More hospitals are buying modular buildings; whole units that are manufactured offsite, complete with clinical…
When securing furniture for a new hospital, doctors’ clinic or another healthcare facility, we can all agree that quality matters. The materials are paramount – reaching HTM 63 & 71 standard – for ensuring spaces are kept clear of contamination and infections. But, it’s more than just materials that make heavy-duty healthcare furniture. How furniture is manufactured makes a huge difference in its reliability and longevity. Over 30+ years, DBFS have honed the art of furniture manufacturing. We like to do things a little different to guarantee far superior results. We discuss what manufacturing techniques are desirable if you’re choosing a healthcare furniture provider.
Glued and dowelled units
Units made at DBFS are glued and dowelled together. The holes are drilled, and a “woodpecker” device fits the dowels into the holes and glues them securely in. Then, when the unit goes into the carcass press, it gets clamped together and perfectly squared up, so the dowels are tight in the holes.
Many cheaper companies would simply screw the unit together or use CAM fixings. The result of that technique, however, is a much weaker structure—the more mechanical fixings, such as screws, the more potential points of failure you have. Screws also require larger holes to be drilled. Larger holes reduce the strength of the unit. Moreover, once screws are in place, there is no way to square up the unit to ensure it is perfectly straight and tight.
The above is seen more often by manufacturers outside of the healthcare industry. Kitchen furniture manufacturers, for example, don’t need to meet the same high standards. For this reason, that furniture tends to be cheaper, which is attractive to budget-savvy buyers. But cheap furniture that’s not made for healthcare is not going to meet the needs of healthcare facilities. Unfortunately, many buyers aren’t aware of these differences and don’t realise the quality implications before the money has been spent and the furniture soon has to be replaced.
Grooves to strengthen connections
One of the many techniques that help us stand out is the grooves we create in the unit sides. These grooves act as a stabiliser so that the back slots into the side panels and sit solidly.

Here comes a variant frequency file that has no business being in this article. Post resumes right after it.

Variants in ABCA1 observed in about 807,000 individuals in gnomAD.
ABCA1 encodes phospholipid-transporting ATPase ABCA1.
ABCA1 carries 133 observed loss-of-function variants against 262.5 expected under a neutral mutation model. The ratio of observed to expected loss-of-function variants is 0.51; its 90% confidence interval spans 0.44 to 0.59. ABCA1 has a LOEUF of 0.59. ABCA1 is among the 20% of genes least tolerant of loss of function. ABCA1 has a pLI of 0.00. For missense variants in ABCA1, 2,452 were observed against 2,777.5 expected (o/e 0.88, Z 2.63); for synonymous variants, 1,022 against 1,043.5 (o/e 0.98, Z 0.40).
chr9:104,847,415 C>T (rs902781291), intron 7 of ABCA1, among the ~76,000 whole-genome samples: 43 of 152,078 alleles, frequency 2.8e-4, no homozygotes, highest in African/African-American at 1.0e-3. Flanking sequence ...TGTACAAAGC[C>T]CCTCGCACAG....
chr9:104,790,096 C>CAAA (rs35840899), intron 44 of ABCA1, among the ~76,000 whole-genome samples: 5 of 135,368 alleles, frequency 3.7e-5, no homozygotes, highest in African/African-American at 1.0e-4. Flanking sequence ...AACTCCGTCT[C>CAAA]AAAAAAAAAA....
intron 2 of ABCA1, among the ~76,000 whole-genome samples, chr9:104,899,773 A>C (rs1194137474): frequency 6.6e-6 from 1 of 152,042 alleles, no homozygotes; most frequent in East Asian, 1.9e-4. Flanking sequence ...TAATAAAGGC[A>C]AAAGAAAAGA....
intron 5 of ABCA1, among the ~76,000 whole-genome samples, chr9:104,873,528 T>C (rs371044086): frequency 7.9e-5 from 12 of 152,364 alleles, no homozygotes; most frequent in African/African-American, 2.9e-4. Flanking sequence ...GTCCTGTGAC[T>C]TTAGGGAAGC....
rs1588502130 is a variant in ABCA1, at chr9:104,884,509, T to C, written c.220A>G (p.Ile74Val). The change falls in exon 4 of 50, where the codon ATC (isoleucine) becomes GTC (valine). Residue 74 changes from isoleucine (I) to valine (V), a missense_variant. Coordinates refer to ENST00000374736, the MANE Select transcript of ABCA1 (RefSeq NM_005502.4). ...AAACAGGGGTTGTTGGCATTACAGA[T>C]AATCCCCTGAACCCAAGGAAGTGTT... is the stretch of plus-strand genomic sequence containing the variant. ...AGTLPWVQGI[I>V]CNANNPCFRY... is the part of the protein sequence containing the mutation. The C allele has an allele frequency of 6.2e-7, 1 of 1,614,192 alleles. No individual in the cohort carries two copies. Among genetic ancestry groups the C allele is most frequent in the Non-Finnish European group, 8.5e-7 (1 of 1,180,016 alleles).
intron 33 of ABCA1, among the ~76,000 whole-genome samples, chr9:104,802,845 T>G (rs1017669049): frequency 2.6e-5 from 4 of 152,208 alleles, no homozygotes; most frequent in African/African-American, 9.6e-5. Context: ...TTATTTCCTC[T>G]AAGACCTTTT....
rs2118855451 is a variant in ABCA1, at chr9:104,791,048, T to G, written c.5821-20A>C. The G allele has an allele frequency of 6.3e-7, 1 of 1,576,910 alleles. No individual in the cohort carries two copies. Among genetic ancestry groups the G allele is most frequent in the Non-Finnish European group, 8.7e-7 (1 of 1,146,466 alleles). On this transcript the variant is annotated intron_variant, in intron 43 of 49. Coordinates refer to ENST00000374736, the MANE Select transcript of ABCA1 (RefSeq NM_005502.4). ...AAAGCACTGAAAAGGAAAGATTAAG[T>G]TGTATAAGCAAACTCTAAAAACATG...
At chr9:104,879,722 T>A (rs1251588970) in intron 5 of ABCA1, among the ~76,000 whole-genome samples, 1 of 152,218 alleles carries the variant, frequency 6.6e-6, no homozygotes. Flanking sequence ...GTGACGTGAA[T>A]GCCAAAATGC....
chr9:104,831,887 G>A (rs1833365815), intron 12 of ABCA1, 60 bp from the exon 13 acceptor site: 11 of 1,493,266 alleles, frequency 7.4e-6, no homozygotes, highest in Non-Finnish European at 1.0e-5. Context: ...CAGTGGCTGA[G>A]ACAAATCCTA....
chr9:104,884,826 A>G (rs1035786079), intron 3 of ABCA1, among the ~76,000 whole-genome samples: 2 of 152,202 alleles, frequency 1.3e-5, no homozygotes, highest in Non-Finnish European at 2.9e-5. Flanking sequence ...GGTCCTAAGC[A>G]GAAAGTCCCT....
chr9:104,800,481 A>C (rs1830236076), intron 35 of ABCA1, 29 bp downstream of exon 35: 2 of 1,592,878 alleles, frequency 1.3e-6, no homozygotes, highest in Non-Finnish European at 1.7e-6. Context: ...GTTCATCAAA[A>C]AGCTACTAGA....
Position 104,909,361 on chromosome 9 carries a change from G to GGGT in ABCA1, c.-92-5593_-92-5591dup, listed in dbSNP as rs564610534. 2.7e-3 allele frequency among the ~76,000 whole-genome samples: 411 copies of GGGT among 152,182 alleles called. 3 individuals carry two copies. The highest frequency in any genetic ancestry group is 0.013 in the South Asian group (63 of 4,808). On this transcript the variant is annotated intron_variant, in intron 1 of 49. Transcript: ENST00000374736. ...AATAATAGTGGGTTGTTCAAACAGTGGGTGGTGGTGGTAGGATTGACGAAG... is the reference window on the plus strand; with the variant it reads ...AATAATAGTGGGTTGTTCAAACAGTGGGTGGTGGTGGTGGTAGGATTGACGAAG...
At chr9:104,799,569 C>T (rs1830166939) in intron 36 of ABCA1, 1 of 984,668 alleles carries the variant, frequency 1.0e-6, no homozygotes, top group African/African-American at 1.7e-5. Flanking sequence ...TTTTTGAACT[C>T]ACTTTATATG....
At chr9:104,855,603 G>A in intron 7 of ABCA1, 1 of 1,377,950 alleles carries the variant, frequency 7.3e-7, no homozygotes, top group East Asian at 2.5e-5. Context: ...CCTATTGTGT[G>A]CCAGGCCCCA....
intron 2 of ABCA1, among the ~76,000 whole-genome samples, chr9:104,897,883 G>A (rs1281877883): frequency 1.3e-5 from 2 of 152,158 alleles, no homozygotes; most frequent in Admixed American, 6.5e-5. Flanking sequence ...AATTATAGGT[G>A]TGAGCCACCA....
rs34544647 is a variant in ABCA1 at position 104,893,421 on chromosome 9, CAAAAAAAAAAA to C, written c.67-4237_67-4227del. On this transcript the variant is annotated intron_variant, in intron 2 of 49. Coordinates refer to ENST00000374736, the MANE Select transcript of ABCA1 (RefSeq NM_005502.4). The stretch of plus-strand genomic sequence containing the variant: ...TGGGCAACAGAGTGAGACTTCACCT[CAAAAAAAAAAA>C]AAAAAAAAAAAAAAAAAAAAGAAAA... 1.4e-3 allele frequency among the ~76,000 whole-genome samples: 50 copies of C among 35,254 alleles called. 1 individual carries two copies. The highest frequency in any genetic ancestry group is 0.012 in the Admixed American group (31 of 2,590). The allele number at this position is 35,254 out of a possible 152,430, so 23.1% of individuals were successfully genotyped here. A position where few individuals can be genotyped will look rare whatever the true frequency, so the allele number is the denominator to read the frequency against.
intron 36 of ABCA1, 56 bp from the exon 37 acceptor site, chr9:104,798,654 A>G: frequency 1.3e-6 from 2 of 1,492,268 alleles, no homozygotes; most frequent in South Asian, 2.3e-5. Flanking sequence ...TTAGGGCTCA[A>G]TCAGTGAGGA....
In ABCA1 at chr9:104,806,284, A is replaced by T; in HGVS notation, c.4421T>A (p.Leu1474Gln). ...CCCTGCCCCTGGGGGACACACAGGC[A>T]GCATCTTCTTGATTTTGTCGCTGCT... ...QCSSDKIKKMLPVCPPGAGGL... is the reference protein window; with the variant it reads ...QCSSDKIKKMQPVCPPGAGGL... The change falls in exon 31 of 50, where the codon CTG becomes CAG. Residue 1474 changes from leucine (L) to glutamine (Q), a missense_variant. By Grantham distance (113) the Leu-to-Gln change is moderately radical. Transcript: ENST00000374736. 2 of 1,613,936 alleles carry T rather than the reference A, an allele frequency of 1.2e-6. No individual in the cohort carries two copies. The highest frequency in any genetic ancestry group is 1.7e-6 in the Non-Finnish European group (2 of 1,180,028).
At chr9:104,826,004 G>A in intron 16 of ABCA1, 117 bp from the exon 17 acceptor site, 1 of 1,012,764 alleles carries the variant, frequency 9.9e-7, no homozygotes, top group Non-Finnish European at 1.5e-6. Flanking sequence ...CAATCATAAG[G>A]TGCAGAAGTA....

Watch: Our team prepares a worktop in the post-forming and hot press processes at our factory.
For more than 25 years, we have been making our own worktops in-house to control the manufacturing process to guarantee their quality meets the same standards as the other furniture pieces. To create the worktops, we have two post-forming machines which can bend the laminate to suit the various curved shapes that worktops and reception counters need.
Many competitors, even in the healthcare sector, buy worktops from a worktop manufacturer.
Strong manufacturing techniques, plus in-house manufacturing of all pieces, is how we can ensure that every piece of furniture is up to standard, heavy-duty, resilient and able to handle the environment of a healthcare facility. Particularly of late, the need for furniture that meets HTM 63 & 71 standard and is put through the test with disinfectants and close disease controls cannot be compromised.
In-house we boast a full production outfit, including the joinery and worktops departments and a full workshop piecing these elements together to move through to our warehouse team for shipping. With complete control of the process, we are able to move faster, with greater quality and no bottlenecks that third-party reliance can create.
We get jobs done faster, without any compromise on the end result.
Manufacturing techniques – find out more
David Bailey Furniture Systems has been producing healthcare standard furniture since it began some 30 years ago. We are proud of the furniture we produce and the nimble way we are able to work, thanks to our efficient in-house staff.